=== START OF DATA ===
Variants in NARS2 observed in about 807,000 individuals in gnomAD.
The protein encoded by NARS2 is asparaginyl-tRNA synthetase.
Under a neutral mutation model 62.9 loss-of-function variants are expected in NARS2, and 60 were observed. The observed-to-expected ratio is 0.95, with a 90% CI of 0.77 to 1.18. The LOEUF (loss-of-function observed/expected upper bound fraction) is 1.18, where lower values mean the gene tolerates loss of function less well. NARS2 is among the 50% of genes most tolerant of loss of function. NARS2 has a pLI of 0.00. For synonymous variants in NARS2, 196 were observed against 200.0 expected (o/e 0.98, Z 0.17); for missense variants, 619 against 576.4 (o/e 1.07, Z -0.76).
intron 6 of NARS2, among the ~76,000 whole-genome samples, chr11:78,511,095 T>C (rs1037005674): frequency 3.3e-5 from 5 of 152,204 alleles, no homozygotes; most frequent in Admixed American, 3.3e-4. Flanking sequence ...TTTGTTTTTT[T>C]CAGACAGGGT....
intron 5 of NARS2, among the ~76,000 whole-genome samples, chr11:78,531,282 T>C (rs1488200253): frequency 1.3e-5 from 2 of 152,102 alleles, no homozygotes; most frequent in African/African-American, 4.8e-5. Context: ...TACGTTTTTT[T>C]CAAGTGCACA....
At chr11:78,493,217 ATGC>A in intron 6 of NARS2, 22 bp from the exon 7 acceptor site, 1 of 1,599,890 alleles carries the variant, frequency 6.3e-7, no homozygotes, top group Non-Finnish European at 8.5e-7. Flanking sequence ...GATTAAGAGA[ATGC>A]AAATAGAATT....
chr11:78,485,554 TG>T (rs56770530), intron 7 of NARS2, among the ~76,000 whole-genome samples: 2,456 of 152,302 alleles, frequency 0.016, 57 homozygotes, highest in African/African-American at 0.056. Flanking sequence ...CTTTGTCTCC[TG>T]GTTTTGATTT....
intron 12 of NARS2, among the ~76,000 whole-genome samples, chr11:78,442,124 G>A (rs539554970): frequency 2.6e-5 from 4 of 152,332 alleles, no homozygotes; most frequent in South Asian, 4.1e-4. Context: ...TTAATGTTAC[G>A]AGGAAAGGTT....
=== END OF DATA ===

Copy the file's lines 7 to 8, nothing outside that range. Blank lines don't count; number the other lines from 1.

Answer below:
chr11:78,485,554 TG>T (rs56770530), intron 7 of NARS2, among the ~76,000 whole-genome samples: 2,456 of 152,302 alleles, frequency 0.016, 57 homozygotes, highest in African/African-American at 0.056. Flanking sequence ...CTTTGTCTCC[TG>T]GTTTTGATTT....
intron 12 of NARS2, among the ~76,000 whole-genome samples, chr11:78,442,124 G>A (rs539554970): frequency 2.6e-5 from 4 of 152,332 alleles, no homozygotes; most frequent in South Asian, 4.1e-4. Context: ...TTAATGTTAC[G>A]AGGAAAGGTT....